Buckley lab awarded NIH R01 to investigate the clinical utility of NIRS/DCS in children with sickle cell disease

In January, the Buckley lab was awarded a 4 year R01 from the NIH/NHLBI to investigate the utility of NIRS/DCS to study the brain in children with sickle cell disease. Children with sickle cell disease have a high risk of silent stroke and cognitive deficits caused in part by anemia-induced changes in tissue-level brain blood flow, cerebrovascular reactivity, and oxygen extraction. This project will determine if NIRS/DCS are sensitive to changes in the brain associated with these silent strokes and their treatment. Our long-term goal is to develop a low-cost brain monitoring tool that can screen for silent infarct risk in pediatric sickle cell disease to facilitate timely therapeutic intervention.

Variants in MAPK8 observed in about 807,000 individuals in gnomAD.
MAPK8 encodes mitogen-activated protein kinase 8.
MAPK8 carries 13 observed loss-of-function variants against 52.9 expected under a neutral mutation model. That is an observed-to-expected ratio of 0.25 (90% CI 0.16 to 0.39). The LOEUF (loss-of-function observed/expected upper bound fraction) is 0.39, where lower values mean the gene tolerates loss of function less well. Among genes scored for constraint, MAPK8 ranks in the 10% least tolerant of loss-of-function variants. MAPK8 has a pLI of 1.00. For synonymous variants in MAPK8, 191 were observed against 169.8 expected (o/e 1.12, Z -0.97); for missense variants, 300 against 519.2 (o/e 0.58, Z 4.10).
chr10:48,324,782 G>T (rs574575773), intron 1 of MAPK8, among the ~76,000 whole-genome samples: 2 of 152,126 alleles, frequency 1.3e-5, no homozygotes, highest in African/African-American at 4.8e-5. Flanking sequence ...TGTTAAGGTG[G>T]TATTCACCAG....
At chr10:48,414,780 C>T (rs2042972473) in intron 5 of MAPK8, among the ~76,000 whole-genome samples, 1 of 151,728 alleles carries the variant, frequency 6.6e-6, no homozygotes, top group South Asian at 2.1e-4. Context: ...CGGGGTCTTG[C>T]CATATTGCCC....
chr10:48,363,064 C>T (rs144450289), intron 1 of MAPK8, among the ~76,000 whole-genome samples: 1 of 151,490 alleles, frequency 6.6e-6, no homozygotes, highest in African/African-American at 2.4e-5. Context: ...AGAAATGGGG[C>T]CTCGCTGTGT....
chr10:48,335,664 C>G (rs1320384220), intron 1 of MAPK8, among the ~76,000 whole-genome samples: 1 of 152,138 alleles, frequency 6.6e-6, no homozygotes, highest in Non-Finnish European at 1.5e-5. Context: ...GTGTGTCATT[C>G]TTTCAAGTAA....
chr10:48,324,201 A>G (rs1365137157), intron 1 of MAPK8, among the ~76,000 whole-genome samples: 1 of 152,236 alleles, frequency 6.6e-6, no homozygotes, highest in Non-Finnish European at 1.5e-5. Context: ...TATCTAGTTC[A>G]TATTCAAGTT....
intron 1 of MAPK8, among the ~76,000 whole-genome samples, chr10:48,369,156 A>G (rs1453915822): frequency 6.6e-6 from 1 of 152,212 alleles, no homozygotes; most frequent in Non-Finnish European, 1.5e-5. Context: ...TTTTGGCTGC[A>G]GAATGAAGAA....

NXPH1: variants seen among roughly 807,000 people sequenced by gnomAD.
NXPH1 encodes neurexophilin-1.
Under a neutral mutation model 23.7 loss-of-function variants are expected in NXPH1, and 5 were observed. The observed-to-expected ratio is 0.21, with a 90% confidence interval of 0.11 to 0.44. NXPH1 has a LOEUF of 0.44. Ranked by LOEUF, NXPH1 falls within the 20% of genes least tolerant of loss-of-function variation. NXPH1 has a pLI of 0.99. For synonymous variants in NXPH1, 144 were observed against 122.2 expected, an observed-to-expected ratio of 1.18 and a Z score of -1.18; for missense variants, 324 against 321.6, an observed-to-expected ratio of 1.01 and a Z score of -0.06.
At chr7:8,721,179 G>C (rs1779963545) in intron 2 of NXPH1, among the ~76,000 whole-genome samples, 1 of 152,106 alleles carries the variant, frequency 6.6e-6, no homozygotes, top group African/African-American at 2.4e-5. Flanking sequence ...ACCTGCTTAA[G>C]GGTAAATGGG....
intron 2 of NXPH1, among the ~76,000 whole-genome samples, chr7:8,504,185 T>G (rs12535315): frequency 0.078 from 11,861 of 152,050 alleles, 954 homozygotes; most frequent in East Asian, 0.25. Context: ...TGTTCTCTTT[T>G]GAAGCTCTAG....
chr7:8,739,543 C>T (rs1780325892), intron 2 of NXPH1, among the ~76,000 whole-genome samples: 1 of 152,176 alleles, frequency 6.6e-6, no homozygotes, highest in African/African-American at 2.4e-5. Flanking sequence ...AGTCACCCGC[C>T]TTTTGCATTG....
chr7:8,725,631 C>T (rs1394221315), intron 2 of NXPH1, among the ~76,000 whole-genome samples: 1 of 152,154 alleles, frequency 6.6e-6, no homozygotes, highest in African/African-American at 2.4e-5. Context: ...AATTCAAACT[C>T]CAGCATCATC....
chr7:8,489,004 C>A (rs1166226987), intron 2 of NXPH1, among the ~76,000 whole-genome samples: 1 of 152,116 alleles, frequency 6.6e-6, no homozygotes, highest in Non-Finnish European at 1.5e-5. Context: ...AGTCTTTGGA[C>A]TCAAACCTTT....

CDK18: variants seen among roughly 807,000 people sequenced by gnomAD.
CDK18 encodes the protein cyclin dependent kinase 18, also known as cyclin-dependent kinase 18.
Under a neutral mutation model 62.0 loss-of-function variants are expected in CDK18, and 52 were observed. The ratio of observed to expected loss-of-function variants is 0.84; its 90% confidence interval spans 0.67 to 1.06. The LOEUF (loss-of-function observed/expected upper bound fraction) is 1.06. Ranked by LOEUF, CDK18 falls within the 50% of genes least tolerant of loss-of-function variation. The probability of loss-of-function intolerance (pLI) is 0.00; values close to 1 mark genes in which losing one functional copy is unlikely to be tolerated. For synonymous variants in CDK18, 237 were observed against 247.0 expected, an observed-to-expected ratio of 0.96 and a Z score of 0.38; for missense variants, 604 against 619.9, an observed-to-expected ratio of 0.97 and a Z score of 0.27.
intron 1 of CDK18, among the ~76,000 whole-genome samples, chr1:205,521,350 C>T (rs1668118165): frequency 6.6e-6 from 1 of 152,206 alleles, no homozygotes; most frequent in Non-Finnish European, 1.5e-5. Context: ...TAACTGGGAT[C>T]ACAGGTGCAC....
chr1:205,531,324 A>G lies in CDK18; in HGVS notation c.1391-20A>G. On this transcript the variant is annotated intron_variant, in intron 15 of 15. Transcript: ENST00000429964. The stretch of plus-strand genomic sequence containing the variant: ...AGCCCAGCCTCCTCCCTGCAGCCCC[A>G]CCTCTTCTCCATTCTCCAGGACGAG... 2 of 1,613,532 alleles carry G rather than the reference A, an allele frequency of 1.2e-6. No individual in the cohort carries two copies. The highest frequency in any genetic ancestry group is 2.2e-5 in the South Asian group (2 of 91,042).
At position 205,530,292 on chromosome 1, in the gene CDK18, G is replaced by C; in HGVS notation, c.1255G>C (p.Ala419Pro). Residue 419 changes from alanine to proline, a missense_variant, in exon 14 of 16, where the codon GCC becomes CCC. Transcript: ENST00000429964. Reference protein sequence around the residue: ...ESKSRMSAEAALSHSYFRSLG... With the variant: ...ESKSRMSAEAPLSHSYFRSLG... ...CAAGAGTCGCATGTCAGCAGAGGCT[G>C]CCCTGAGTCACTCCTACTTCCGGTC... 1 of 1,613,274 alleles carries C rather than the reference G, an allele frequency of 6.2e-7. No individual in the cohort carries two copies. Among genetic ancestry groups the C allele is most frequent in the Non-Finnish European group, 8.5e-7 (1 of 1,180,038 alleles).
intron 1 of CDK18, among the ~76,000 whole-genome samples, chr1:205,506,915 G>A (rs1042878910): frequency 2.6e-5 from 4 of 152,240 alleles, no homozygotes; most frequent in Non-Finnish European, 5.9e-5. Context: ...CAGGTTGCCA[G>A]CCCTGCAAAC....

Hypothesized mechanism of ischemic injury in pediatric sickle cell disease (Adapted from Juttukonda, JMRI 2019). As anemia worsens, arterial oxygen content is reduced. To compensate for this reduction, the cerebrovasculature dilates to increase blood flow (red). As vascular reserve is exhausted and flow plateaus, oxygen extraction fraction (blue) increases to preserve oxygen metabolism (green). Eventually there is a mismatch between tissue metabolic demand (dotted black) and oxygen metabolism, and infarction ensues. Transfusion acts to increase oxygen delivery and is thought to relieve metabolic stress by reducing oxygen extraction and blood flow and improving vascular reserve.